What you need to know about the ‘other’ little blue pill
by Jesse M. Ehrenfeld, MD, MPH — Director, Vanderbilt Program for LGBTQ Health
Although you may only now be starting to hear and see more about “PrEP,” which stands for pre-exposure prophylaxis, it’s been around as a way to prevent HIV for almost seven years. While you have probably seen commercials for it, or ads in magazines, a lot of people still don’t know exactly what pre-exposure prophylaxis means. So, let’s walk you through the basics.
What is PrEP and how does PrEP work?
Pre-exposure prophylaxis, or PrEP, is a strategy to prevent HIV in those who are at high risk for acquiring HIV. The HIV prevention component is a pill that contains two medications used to prevent HIV transmission. The two medications contained in the pill prevent the establishment of an HIV infection in somebody that is exposed. However, for this to work, you actually have to be taking the medication regularly, seven days a week. When the medication is used as part of an HIV prevention plan, it can dramatically reduce the risk of acquiring HIV.
Will PrEP prevent other sexually transmitted infections (STIs)?
No. PrEP does not prevent other sexually transmitted infections, and this is a key point for anyone that goes on PrEP. It will not prevent the transmission of gonorrhea, chlamydia, or syphilis.
Who should go on PrEP?
Anyone who is at high risk of acquiring HIV should consider going on PrEP. If you think you might be at risk, you should talk to a medical provider about PrEP. People who have an HIV-positive sex partner, a high number of sex partners, a history of sexually transmitted infections, are inconsistent in using condoms, or inject drugs would all be good candidates for PrEP. You must also weigh at least 77 lbs to take the medication.
What are the side-effects of PrEP?
There are a number of minor side-effects that people may notice. The most common side effects are headache (7%), abdominal pain (4%), and weight loss (3%). Based on large studies, side-effects are usually fairly limited and quite tolerable.
There are, however, some important long-term side effects worth considering before starting PrEP. The medication can lead to a loss of kidney function. This is really only an issue for people who have underlying kidney disease or take other medications that affect the kidney. The other long-term side-effect is the loss of bone mineral density.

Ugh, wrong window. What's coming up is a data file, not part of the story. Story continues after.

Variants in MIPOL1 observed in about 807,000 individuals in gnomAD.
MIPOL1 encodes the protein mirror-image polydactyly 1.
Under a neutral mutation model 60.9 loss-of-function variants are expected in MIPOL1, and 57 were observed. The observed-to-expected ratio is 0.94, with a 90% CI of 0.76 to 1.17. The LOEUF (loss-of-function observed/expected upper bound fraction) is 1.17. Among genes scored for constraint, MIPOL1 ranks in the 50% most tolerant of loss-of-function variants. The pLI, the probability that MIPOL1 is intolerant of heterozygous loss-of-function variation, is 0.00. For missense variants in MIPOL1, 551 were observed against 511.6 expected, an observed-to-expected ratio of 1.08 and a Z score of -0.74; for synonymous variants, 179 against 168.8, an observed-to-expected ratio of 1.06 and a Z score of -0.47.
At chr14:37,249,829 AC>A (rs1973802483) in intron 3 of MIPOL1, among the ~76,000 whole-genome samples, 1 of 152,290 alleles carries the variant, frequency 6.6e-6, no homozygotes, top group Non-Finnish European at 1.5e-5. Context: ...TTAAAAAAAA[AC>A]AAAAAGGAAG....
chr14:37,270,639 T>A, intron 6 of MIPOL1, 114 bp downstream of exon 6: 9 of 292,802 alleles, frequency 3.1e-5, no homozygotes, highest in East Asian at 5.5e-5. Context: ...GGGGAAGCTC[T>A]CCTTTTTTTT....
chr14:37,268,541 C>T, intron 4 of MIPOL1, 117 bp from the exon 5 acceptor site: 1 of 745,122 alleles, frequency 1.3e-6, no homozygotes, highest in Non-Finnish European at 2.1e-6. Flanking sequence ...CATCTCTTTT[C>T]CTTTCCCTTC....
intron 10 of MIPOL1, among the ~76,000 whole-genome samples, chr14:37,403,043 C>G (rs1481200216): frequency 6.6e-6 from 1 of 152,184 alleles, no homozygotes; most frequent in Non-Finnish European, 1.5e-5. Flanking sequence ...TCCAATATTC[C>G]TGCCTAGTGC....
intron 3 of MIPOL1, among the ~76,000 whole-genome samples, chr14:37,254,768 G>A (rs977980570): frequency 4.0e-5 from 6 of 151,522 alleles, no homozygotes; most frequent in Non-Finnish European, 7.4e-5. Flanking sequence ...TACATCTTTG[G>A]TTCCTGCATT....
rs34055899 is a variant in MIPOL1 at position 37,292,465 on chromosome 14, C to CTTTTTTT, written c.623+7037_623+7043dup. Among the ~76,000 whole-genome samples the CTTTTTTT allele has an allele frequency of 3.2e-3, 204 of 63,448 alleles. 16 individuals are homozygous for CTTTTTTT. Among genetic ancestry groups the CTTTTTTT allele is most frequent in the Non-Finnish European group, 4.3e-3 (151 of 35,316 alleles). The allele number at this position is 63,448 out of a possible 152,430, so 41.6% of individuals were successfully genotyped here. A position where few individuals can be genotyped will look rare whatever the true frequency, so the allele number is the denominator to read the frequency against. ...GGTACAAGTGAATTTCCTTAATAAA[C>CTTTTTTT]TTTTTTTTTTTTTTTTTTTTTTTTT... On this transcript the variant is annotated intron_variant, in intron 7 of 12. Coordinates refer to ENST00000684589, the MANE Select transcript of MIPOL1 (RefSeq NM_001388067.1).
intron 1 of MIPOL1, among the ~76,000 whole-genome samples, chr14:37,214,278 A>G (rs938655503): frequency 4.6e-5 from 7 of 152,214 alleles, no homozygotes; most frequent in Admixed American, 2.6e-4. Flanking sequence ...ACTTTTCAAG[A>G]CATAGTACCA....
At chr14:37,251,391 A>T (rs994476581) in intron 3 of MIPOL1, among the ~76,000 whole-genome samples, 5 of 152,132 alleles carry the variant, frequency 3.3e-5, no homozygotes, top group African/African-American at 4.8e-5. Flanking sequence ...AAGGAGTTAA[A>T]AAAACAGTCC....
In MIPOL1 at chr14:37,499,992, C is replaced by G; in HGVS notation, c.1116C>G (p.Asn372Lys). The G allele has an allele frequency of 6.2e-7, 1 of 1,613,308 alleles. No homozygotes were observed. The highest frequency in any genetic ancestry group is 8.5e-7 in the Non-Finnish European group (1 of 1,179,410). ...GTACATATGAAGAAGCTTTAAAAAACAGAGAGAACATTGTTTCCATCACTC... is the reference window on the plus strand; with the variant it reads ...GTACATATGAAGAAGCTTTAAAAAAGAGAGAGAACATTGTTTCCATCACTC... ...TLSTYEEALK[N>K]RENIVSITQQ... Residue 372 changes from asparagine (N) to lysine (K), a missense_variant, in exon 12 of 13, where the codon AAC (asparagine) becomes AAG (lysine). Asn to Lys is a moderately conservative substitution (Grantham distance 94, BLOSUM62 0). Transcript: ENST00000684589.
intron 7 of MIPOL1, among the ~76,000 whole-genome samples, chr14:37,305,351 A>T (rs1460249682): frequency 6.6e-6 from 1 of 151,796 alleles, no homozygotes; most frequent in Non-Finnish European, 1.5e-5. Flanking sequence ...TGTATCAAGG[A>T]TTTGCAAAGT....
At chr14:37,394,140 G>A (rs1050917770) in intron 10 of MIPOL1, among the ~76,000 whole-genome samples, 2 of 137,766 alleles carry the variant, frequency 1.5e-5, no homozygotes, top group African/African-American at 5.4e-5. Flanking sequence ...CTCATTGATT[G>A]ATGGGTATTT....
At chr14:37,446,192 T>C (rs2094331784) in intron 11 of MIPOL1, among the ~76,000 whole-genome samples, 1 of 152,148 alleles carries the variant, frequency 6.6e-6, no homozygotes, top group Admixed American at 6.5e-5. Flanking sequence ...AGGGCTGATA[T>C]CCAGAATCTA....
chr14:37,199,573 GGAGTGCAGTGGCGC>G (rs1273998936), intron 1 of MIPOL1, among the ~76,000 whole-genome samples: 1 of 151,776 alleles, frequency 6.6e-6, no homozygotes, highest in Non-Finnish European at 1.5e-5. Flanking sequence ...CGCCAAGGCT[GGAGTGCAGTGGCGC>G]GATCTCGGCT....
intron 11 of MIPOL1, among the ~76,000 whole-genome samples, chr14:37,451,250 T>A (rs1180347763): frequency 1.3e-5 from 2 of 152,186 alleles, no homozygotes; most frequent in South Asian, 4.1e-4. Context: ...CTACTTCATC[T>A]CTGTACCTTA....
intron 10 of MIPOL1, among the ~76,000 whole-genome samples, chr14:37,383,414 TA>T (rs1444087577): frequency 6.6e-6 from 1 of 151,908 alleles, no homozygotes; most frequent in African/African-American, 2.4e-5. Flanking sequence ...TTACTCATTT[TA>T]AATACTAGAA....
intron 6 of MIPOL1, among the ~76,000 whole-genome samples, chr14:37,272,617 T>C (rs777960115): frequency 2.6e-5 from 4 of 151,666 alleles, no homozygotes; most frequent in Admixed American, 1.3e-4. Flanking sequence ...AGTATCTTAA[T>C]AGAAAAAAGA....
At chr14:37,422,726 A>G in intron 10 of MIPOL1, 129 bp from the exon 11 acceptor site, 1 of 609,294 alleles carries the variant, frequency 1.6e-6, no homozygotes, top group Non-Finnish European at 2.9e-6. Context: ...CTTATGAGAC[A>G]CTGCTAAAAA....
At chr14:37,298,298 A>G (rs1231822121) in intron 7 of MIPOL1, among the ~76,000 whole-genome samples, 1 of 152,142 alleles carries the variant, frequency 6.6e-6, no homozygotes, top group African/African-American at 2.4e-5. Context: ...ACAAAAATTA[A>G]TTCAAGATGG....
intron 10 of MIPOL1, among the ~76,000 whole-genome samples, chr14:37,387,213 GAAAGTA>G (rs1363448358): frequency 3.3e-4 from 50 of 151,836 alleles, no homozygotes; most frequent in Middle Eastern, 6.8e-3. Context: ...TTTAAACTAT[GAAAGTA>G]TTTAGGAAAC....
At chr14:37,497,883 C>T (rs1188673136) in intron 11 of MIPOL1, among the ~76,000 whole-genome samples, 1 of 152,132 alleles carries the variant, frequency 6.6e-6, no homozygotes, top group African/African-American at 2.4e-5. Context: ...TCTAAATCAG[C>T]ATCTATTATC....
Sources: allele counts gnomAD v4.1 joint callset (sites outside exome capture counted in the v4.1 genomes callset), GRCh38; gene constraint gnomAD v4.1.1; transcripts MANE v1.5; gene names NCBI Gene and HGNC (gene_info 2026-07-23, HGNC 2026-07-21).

Where can I get PrEP?
Many primary care providers and walk-in clinics now offer PrEP. Vanderbilt University Medical Center has a PrEP clinic staffed Monday through Friday from 8 am to 5 pm. To make an appointment, you can call (615) 936-1174. You can also go to preplocator.org to find other sites across the country. The Vanderbilt Program for LGBTQ Health can also help you locate a PrEP provider or clinic near you and can be reached at (615) 936-3879 or firstname.lastname@example.org.
How much does PrEP cost?
PrEP can be expensive, but the good news is that almost all insurance plans cover the cost of PrEP – including TennCare and Medicare.
What lab testing is required to be on PrEP?
It is important to test you for HIV before starting PrEP. Also, it is important to test for hepatitis and kidney problems and perform a screen for sexually transmitted infections. Once you have started PrEP, it is important to be tested for HIV every three months and have follow-up kidney testing as well, typically once or twice a year.
How often do I have to renew my PrEP prescription?
Because PrEP requires HIV testing and follow-up labs, you should expect to have appointments every three months to refill your prescription.
Developing an HIV Prevention Plan with PrEP
• Know your HIV status and the status of your partners
• Get tested for HIV at least every three months, and regularly for other STIs
• Test for pregnancy and discuss with your doctor if you are planning to become pregnant
• Take your PrEP medication every day (one pill)
• Use safer sex practices like condoms and lube
• See a healthcare provider to monitor your kidney function